US Open 2020: Naomi Osaka, Victoria Azarenka seek third Grand Slam title, look to continue unbeaten run
On court, both Naomi Osaka and Victoria Azarenka have been breathtaking at the US Open. Off the court, both have taken different paths on social issues.
Exactly a month ago, Victoria Azarenka went down to Venus Williams at the Top Seed Open in Lexington, Kentucky. Her serve was inconsistent, groundstrokes not finding their range to take on a Venus who had come in with a new serve and the same power and quality that we have seen recently. It seemed like Azarenka couldn't go on and be a problem at tour events let alone the Grand Slams. It seemed like luck just wasn't going her way either, with tough draws from the get-go.
Four weeks later, it is a different story. She is on a 12 match winning streak, having won the Western & Southern Open, her first title in four years, and is into her first Grand Slam final in seven years at the US Open. On this run, she's taken down the likes of Donna Vekic, Johanna Konta, Aryna Sabalenka, Elise Mertens and Serena Williams. The win over Serena was her first against the American at a Major after 10 straight losses.
Seemingly out of nowhere, Azarenka is enjoying her tennis and the results are going her way too. She's smiling more, bobbing her head to music and goes into meditation mode in the middle of matches. She acknowledged the need of letting her ego subside, in comparison to 2012, and alluded to keeping a neutral mentality.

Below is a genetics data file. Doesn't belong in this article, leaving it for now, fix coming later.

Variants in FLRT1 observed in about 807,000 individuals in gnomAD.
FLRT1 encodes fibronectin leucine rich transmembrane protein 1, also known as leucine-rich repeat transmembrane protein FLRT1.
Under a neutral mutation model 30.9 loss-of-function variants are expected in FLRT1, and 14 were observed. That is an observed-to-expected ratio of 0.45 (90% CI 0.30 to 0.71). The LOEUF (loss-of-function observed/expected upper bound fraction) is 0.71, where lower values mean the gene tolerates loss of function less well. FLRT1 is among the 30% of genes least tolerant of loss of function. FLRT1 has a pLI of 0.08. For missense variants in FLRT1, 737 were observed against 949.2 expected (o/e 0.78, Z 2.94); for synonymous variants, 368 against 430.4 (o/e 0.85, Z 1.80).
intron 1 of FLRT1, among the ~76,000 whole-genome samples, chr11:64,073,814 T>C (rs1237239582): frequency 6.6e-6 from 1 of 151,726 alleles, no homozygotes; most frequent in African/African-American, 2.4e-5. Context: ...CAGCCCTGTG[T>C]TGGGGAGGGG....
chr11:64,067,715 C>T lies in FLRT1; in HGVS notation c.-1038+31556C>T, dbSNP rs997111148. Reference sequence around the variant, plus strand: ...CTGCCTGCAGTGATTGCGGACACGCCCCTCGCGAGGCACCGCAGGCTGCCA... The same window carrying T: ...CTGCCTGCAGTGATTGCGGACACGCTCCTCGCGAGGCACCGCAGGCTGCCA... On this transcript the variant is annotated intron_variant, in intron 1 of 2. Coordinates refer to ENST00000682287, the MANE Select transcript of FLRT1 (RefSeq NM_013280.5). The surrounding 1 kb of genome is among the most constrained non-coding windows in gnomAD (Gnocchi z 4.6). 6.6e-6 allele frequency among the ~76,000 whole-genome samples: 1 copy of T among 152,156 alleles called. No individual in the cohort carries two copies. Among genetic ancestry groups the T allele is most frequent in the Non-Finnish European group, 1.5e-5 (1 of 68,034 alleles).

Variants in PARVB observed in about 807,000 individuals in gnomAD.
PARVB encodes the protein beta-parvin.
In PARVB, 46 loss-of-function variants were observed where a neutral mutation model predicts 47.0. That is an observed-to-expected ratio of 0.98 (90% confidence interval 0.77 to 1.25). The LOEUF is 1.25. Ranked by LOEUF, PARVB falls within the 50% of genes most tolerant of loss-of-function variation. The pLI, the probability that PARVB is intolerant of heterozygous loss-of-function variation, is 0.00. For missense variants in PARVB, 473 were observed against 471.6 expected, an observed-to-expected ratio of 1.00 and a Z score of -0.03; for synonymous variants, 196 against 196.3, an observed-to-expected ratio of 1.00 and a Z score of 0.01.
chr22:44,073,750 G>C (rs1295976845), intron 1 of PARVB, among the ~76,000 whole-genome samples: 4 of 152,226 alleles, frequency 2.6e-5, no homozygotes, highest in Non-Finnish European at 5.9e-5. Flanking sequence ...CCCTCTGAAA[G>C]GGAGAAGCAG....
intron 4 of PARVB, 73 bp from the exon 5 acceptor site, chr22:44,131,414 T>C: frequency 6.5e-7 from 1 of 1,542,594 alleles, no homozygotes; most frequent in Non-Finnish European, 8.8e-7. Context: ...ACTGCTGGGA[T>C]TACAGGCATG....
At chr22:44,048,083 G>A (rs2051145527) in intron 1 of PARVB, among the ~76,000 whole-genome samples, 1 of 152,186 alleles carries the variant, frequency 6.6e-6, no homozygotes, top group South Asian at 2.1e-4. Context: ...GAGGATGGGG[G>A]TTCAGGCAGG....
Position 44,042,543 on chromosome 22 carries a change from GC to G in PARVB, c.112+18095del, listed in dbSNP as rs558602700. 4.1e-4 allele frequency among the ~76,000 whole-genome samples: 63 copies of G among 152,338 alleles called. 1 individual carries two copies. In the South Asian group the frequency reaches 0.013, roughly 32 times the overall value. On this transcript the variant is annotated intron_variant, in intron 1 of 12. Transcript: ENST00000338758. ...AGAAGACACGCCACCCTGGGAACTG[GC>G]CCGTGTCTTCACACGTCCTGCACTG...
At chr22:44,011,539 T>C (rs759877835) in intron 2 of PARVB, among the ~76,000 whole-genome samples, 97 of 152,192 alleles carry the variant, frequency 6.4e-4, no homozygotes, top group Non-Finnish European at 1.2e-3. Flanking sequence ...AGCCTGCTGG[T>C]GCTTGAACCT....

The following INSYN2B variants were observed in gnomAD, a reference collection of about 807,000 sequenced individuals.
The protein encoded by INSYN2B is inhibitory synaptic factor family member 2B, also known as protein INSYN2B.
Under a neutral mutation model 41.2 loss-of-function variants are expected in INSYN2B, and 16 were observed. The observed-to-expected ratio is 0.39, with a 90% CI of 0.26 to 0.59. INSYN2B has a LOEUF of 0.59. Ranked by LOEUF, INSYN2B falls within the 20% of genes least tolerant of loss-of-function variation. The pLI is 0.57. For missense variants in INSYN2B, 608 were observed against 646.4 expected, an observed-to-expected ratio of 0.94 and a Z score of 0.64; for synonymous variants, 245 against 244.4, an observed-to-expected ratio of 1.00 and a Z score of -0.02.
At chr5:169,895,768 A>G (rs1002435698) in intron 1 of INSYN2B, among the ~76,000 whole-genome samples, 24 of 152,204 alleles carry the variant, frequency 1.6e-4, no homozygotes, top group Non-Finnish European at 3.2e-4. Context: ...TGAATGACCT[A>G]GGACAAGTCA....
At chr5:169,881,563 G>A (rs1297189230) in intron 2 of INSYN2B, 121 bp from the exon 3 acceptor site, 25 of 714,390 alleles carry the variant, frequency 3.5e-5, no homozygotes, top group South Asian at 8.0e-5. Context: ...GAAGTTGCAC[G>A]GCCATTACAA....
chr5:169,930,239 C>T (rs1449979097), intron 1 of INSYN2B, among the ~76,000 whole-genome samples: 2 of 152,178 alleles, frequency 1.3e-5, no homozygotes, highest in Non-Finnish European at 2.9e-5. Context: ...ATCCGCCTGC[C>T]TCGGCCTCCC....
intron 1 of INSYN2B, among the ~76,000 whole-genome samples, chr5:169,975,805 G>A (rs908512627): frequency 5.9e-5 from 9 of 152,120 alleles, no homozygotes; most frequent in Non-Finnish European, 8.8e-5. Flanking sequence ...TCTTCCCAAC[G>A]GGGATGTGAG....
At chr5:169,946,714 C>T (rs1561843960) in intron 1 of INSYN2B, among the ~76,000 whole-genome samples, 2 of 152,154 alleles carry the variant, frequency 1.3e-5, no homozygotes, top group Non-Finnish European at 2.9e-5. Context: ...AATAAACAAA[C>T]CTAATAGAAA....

Challenge and ... into the final with an ace!
— US Open Tennis (@usopen) September 11, 2020
She is into the final but her native Belarus would consider this to be an afterthought. Mass protests have been the main talking point as people have called for president Aleksandr G. Lukashenko to step down. He claimed a landslide victory on 9 August but it has been widely claimed that the presidential elections were rigged. He's been in power since 1994 and has become a dictatorial figure by removing term limits, cracking down on opposition and suppressing the media.
Sabalenka admitted she "couldn't sleep" during the tournament in Lexington as she feared for her family's safety at home. She wrote on Instagram, “I can’t look at cruelty to people who are defenseless; please stop the violence.”
Azarenka, meanwhile, calls it a "very difficult topic to speak on." She said last month, "That’s breaking my heart to see what’s happening, because not being able to be there and understand the whole situation, it’s really sad.”
“It’s really sad, and it’s really difficult to speak on that. But I just hope that all the violence stops immediately, really does, because it’s really heartbreaking. I can’t even speak without tears in my eyes when I think about it.”
More closer to the US Open, she opted against giving her opinion on the pause of play at the Western & Southern Open. "I want to talk about tennis, and I want to focus on my tennis tomorrow. And then maybe when I'm ready to speak about what's on my mind that it has nothing to do with tennis, I will."
At the heart of that pause? Naomi Osaka, Azarenka's opponent in the final. Just like she was two weeks ago at 'Cincinnati' but that match didn't go ahead owing to a hamstring injury to the Japanese player.